Wednesday, October 28, 2009


I never imagined myself working extensively with the public via customer service. But, ever since graduating college, that seems to be what I've been doing. Such jobs are draining, sometimes rewarding, and always full of people encounters (which in my humble opinion is what makes the stories of life).

There is a man who comes into my library about once a week. A few of my co-workers refer to him as Mr. Frenchy. They know he's married with kids, but something about his French accent and his speaking French to his kids, makes these co-workers get a little weak in the knees (I only work with women, so you know...this happens, I guess). I'm not one them, but I get a small sigh of satisfaction when I get to help Mr. Frenchy and his kids at the circulation desk, because I know my co-workers are just a little bit jealous that I get to talk to him. (Oh, that's such a girl fault, isn't it?)

Last week as I was working my usual Thursday night, Mr. Frenchy arrives with his kiddos (two boys and a girl). The oldest boy--perhaps six or so--comes up to me at the desk and holds out a grubby, gray and white bird feather. "This is for a librarian," he says as he hands it me. My mind fights away the pictures of germs and imaginings of where this feather has been as I smile hugely and say, "It is? Where did you get it." He's very pleased and his French accented English is very cute, "At my house." I thank him, holding the feather as loosely as possible without dropping it. Mr. Frenchy smiles at his son and says, "Oh, I didn't know this was for a librarian. Tell her she must treasure it always." The boy says, "You must treasure it always." Mr. Frenchy looks at me and says, "No pressure, right?" I smile, still holding this feather, all those germs held in my hand! Little boy looks intently at the feather as they start to walk past, "Where are you going to put it?" I'm wanting to toss it in the trash can so badly, but I say, "I'm putting right here on the counter." They leave me to go into the children's room and I lay the feather carefully on a tissue and sanitize my hands. I know I can't throw this treasure away until they've left the library. What if the little boy asks for it back or asks to see it before they leave?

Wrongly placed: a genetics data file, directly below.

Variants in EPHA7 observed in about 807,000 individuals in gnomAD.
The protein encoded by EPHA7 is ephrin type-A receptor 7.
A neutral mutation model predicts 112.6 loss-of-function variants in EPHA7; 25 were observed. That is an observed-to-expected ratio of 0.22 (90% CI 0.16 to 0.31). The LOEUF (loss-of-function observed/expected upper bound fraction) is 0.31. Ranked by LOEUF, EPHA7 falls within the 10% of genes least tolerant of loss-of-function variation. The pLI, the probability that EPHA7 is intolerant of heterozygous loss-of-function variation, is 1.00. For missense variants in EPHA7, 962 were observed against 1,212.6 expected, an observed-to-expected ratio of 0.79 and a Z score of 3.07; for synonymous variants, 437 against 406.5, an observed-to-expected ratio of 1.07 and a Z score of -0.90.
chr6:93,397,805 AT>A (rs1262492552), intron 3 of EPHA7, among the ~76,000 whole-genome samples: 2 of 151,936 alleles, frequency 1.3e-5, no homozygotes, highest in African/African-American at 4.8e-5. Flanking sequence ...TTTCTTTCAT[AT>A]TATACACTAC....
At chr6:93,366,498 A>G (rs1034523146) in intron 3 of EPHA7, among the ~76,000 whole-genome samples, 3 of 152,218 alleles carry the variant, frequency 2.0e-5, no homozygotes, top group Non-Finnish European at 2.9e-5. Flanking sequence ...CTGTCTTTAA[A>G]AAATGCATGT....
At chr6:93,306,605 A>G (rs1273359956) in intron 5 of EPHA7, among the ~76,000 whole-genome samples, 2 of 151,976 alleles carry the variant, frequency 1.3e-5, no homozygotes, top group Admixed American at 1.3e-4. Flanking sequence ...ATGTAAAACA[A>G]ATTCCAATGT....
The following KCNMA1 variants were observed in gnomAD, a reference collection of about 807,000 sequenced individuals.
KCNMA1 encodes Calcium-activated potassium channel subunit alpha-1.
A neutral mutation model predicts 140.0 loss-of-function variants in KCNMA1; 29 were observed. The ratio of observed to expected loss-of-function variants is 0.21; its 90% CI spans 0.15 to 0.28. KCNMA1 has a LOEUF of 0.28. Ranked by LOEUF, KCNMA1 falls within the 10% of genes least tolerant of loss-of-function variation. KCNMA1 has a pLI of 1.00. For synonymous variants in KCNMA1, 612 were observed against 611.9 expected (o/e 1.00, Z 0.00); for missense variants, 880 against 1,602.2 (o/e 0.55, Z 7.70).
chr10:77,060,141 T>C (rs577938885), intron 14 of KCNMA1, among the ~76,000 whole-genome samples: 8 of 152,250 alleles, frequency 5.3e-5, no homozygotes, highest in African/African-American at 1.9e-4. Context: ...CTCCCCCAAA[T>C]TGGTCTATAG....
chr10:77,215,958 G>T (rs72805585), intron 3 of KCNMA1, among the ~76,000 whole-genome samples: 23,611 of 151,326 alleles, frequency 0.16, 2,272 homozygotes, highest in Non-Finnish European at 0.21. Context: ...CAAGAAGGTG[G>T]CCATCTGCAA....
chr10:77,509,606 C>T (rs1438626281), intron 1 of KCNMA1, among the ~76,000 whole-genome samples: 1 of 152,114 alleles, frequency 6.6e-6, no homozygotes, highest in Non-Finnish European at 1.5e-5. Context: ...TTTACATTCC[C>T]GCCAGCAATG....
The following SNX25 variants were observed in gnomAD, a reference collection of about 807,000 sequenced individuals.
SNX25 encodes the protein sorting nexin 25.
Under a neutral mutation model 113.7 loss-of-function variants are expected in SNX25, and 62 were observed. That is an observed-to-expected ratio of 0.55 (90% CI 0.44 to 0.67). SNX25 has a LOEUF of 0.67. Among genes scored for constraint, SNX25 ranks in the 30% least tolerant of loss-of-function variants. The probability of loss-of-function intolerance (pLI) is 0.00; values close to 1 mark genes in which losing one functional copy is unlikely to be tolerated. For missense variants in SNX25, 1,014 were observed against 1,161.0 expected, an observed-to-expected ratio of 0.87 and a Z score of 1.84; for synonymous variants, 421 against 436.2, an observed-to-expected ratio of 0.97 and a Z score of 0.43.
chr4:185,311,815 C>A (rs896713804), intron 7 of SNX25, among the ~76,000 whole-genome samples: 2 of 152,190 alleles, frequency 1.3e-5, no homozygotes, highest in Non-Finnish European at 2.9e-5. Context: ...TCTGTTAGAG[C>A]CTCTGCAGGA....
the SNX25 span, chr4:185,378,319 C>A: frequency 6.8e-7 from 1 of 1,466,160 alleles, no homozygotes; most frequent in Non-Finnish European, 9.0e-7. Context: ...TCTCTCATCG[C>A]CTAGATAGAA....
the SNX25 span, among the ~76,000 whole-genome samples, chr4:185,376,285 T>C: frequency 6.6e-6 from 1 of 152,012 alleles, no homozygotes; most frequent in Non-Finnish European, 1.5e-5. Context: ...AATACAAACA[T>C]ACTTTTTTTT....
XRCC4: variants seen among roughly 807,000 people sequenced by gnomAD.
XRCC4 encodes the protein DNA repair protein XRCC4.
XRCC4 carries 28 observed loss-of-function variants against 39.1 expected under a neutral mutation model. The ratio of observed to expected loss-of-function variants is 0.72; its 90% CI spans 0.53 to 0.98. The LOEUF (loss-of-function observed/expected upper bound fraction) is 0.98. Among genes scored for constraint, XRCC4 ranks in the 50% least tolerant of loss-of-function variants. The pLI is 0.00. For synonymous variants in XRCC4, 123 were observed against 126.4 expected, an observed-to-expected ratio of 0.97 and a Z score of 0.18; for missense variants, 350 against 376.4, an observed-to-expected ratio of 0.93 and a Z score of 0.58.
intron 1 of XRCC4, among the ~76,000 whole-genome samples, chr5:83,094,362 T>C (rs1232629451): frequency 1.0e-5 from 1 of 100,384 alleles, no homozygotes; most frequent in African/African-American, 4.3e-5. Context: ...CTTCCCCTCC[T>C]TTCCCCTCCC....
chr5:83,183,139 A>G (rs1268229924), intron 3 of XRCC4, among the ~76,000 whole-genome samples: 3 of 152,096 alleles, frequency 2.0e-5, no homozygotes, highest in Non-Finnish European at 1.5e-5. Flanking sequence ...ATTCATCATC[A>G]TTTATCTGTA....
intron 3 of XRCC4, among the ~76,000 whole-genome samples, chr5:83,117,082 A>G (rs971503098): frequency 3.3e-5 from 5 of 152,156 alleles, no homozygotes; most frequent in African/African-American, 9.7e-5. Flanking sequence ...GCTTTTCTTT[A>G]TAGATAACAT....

About a half an hour later, they come to the circulation desk to check out. I scan Mr. Frenchy's card and check out the DVDs. "Do you want to pay your $4 fine tonight?" He says, "How about the feather for the fine?" I laugh a little, "I'd love to, but I just don't think my manager would go for that." He half-smiles and rephrases the question as he gets out a $20 bill from his wallet and hands it to the smiling curly-haired daughter perched on the counter. I say again, that unfortunately we can't barter over fines. Little girl hands me the money and Mr. Frenchy says, "No more feathers for you." We both laugh and he and his kiddos leave to go home.

I toss the feather away and try to imagine what I'll tell little boy if he asks after the feather next time they are in--kids just don't forget those sorts of treasures.


Kim said...

Cute cute! Tell the little boy the feather is in a safe place at home? I love that you were thinking about germs... I always forget that feathers are riddled with them... I'm gross.

liz nelson said...

that would be mom's influence on the germ thing. I remember when I was little and I would find bird feathers, she was not super excited about me touching them or them being anywhere near the house.:)
that is a super cute story. i do love french accents.:)

Alaina said...

I would have been a bit horrified by having to hold it... I encourage my children to leave them on the ground. :) Very cute story and I'll admit to loving british and french accents. :)

Anonymous said...

So has little "bird boy" been back yet to ask you where his feather had been placed?

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